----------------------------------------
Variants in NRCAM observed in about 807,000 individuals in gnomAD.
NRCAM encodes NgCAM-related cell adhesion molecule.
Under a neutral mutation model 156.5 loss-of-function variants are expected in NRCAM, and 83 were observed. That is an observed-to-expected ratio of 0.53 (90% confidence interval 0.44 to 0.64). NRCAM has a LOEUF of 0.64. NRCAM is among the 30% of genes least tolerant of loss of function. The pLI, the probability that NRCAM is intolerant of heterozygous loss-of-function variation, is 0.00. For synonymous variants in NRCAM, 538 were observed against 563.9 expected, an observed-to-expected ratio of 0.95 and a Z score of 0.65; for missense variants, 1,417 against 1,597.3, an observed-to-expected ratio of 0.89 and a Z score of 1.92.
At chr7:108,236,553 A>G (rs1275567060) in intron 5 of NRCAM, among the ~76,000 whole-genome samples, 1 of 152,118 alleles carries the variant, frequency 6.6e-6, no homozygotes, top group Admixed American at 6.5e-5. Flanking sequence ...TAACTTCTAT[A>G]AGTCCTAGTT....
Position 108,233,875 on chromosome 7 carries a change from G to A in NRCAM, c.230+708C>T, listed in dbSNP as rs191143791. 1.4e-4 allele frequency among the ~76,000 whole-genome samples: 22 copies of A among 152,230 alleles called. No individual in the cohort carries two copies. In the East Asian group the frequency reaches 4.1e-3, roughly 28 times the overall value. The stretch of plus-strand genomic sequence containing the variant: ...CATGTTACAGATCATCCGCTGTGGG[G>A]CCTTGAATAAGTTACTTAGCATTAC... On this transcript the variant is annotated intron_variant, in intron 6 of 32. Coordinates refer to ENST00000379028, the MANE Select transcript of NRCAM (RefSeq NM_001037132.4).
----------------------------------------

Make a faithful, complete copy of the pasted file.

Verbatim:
Variants in NRCAM observed in about 807,000 individuals in gnomAD.
NRCAM encodes NgCAM-related cell adhesion molecule.
Under a neutral mutation model 156.5 loss-of-function variants are expected in NRCAM, and 83 were observed. That is an observed-to-expected ratio of 0.53 (90% confidence interval 0.44 to 0.64). NRCAM has a LOEUF of 0.64. NRCAM is among the 30% of genes least tolerant of loss of function. The pLI, the probability that NRCAM is intolerant of heterozygous loss-of-function variation, is 0.00. For synonymous variants in NRCAM, 538 were observed against 563.9 expected, an observed-to-expected ratio of 0.95 and a Z score of 0.65; for missense variants, 1,417 against 1,597.3, an observed-to-expected ratio of 0.89 and a Z score of 1.92.
At chr7:108,236,553 A>G (rs1275567060) in intron 5 of NRCAM, among the ~76,000 whole-genome samples, 1 of 152,118 alleles carries the variant, frequency 6.6e-6, no homozygotes, top group Admixed American at 6.5e-5. Flanking sequence ...TAACTTCTAT[A>G]AGTCCTAGTT....
Position 108,233,875 on chromosome 7 carries a change from G to A in NRCAM, c.230+708C>T, listed in dbSNP as rs191143791. 1.4e-4 allele frequency among the ~76,000 whole-genome samples: 22 copies of A among 152,230 alleles called. No individual in the cohort carries two copies. In the East Asian group the frequency reaches 4.1e-3, roughly 28 times the overall value. The stretch of plus-strand genomic sequence containing the variant: ...CATGTTACAGATCATCCGCTGTGGG[G>A]CCTTGAATAAGTTACTTAGCATTAC... On this transcript the variant is annotated intron_variant, in intron 6 of 32. Coordinates refer to ENST00000379028, the MANE Select transcript of NRCAM (RefSeq NM_001037132.4).